Maurice Blanchot describes the Revolution and the Terror - not only those of the eighteenth century but those of the 19th and especially 20th century as well - as motivated by a fear of secret conspiracies:
"It is in the eighteenth century that the idea of a plot secretly fomented by some men against others brings trickery down from heaven and ignites within each individual a specific distrust, ready to flare up in violent action. To us this seems very puerile. Priests as conscious agents of a universal conspiracy, the world divided up into small groups of men who know, who choose and decide, a great number of others who know less and do not decide but act in conformity with the secret knowledge, and the ignorant masses, compelled to act and live in total incomprehension of the meaning of their movements - this view worthy of a novel, which in fact does fuel novels up through Radcliffe, Jean-Paul, Goethe and The Visionary by Schiller, seems to us painfully crude by comparison to the labyrinthine ideas of the Orient. And so it is. But this crudeness has considerable educational importance. It restores concrete reality to mystification, gives it a social form, lends it a human face and, dividing the world strictly between tricksters and the tricked, makes the former responsible and inclines the latter to violence. The idea of a plot presupposes the intention to deceive. 'I have nothing to do with it' loses currency as an excuse. The Revolution and the Terror are propelled by the idea of a responsibility which is always entire and won't stand for any qualification. To be suspect in the slightest means to be completely guilty, and that means death. To be suspect is to have within oneself something obscure and indecipherable, which must be read, inversely, as the proof of a clearly and intentionally evil undertaking - of membership in a shady intrigue from which death will separate one right away, in the most decisive, and, as it were, trenchant manner. The plainly displayed death by the guillotine's blade is meant precisely to cut clean through the snarl of the plot which no one would ever manage to untangle. This clarity is the clean decisiveness of reason, and reason also has the sharpness of that cut which isolates the head and, in certain cases, ironically prepares its apotheosis."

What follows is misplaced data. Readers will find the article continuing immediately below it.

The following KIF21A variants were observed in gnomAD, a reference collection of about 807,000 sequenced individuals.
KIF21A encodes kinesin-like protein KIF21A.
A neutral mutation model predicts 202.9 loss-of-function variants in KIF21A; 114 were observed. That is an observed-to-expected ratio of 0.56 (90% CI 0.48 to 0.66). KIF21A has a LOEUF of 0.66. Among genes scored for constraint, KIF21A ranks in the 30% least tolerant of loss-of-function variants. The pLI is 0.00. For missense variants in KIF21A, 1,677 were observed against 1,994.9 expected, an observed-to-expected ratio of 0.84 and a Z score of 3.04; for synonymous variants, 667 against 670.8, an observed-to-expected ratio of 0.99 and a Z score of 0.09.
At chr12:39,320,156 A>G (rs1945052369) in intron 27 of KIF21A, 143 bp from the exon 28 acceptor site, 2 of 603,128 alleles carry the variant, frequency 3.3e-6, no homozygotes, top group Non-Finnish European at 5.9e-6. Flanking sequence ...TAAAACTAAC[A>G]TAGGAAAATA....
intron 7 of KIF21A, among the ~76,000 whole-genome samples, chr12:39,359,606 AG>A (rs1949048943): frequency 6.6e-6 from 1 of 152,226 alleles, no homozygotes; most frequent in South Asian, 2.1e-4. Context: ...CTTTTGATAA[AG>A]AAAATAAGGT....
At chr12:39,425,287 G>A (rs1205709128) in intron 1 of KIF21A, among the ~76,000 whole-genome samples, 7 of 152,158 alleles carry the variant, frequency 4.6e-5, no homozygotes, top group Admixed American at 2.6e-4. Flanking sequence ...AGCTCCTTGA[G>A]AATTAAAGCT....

In one of the best-known photographs of Mayhem's Øystein 'Euronymous' Aarseth, he wore a long cape and flourished an épée (fencing sword), a weapon that points to the eighteenth century, the time of Alexandre Dumas "Les Trois Mousquetaires", Absolutism, Enlightenment - and conspiracies. Aarseth referred to the early Norwegian Black Metal scene as the "Black Metal Inner Circle", suggesting the existence of a small group of men "...who know, who choose and decide, a great number of others who know less and do not decide but act in conformity with the secret knowledge...".
Burzum's Kristian 'Varg' Vikernes killed Aarseth, thereby separating himself right away, in the most decisive manner, from the playful conspiracy of which he used to be a member. After murderously disentangling himself from Aarseth conspiratorial 'Inner Circle', he started to subscribe to an ideology of Terror, an ideology which committed the largest-scale killing out of fear of a Jewish conspiracy. That ideology of Terror was National Socialism. Thus, Vikernes's ideological position mirrored his actions, and both mirror Blanchot's interpretation of the eighteenth century developments with regards to conspiracies.